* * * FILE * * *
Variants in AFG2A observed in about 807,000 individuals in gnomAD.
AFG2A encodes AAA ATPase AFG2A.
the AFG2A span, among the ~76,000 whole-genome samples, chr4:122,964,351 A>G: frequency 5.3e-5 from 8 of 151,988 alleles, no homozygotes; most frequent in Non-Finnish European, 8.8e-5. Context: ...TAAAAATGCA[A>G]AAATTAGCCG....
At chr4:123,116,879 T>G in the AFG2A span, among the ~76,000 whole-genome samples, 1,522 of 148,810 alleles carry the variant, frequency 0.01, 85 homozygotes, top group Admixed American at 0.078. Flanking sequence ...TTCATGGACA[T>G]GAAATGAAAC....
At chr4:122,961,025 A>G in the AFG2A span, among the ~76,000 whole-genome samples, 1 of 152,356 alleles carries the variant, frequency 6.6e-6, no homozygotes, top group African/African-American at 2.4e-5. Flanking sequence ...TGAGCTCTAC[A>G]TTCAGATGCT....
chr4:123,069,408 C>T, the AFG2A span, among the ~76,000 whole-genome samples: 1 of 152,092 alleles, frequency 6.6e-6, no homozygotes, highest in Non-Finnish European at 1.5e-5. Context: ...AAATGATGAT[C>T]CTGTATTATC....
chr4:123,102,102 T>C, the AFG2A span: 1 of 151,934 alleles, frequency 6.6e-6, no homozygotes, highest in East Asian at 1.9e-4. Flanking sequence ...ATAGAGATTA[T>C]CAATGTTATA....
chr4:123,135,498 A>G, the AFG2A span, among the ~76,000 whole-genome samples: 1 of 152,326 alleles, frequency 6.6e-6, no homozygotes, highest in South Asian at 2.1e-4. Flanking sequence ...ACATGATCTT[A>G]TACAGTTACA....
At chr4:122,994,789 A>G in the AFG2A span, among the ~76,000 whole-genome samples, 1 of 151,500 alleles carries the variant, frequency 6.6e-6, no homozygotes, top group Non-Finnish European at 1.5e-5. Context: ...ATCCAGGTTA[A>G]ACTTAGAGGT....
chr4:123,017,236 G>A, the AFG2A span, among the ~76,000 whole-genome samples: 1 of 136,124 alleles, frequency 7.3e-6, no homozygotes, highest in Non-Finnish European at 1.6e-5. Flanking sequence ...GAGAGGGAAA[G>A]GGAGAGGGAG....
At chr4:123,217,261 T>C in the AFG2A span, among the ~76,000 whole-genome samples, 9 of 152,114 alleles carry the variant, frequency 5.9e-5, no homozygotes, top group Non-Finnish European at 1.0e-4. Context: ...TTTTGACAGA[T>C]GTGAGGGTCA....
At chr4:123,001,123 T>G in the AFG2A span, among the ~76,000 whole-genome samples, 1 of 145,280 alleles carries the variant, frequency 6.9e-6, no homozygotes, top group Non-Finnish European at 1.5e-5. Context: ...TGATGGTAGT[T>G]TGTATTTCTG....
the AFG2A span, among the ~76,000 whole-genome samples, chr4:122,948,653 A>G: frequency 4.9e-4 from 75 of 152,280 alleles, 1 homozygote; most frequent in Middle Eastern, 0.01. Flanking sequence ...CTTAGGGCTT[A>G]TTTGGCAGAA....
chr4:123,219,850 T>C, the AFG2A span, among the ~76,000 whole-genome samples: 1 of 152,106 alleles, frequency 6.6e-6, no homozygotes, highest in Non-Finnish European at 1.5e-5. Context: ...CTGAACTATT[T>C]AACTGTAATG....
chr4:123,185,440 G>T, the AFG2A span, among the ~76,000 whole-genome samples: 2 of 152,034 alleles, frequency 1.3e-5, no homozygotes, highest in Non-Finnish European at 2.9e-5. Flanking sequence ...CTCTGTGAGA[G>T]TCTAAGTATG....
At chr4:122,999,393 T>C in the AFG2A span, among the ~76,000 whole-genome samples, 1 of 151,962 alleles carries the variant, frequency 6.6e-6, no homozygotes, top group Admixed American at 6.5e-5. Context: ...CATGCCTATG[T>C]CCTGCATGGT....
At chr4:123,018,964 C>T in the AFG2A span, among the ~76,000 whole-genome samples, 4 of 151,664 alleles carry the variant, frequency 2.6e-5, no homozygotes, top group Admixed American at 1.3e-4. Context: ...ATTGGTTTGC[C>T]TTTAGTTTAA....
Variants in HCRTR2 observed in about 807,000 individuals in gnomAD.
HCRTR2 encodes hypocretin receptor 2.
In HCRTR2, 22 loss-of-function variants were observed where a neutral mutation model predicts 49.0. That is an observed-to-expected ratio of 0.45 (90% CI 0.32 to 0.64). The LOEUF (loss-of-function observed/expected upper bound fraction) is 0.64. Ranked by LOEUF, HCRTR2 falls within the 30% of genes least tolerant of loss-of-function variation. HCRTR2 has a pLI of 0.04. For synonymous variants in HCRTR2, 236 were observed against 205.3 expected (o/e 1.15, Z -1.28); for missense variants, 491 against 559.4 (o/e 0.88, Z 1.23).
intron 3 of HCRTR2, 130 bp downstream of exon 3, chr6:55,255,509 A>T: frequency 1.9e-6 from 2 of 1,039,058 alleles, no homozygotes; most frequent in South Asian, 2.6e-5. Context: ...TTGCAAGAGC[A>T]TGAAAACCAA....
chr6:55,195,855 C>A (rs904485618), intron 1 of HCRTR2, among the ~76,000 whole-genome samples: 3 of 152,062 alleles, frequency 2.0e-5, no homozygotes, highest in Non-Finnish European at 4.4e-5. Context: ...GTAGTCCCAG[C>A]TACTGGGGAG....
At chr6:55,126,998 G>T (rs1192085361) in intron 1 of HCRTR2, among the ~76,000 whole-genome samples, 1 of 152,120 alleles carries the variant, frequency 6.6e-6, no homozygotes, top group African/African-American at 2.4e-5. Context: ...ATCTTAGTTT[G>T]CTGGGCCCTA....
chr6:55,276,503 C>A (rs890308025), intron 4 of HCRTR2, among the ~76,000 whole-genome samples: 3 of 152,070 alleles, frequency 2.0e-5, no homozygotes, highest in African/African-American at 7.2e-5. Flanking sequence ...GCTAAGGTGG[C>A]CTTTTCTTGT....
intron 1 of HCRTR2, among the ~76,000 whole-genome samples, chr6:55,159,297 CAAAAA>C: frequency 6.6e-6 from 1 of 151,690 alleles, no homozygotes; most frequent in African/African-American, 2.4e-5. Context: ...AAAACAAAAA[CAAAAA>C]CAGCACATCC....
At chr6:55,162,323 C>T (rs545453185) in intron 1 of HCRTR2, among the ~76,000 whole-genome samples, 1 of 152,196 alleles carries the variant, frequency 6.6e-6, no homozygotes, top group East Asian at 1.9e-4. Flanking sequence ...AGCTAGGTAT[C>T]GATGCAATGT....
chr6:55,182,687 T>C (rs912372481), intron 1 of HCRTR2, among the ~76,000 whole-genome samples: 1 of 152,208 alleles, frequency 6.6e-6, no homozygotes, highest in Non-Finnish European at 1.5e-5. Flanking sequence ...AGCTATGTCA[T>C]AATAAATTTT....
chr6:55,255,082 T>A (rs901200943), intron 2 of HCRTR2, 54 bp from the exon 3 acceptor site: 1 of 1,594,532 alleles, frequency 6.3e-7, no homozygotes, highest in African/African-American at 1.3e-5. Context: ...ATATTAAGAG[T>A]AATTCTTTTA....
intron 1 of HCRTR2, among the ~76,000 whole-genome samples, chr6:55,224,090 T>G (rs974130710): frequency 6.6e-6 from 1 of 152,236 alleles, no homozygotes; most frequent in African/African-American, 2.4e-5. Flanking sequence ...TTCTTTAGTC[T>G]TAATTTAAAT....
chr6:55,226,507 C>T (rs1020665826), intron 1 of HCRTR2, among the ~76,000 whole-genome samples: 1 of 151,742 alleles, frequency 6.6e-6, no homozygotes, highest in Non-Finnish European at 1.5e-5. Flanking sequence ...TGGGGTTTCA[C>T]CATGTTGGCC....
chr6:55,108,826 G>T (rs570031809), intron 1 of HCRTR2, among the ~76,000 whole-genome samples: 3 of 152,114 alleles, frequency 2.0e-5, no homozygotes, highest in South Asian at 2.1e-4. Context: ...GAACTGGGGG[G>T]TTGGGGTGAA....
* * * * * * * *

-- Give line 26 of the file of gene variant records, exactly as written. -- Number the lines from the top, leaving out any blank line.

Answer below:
At chr6:55,162,323 C>T (rs545453185) in intron 1 of HCRTR2, among the ~76,000 whole-genome samples, 1 of 152,196 alleles carries the variant, frequency 6.6e-6, no homozygotes, top group East Asian at 1.9e-4. Flanking sequence ...AGCTAGGTAT[C>T]GATGCAATGT....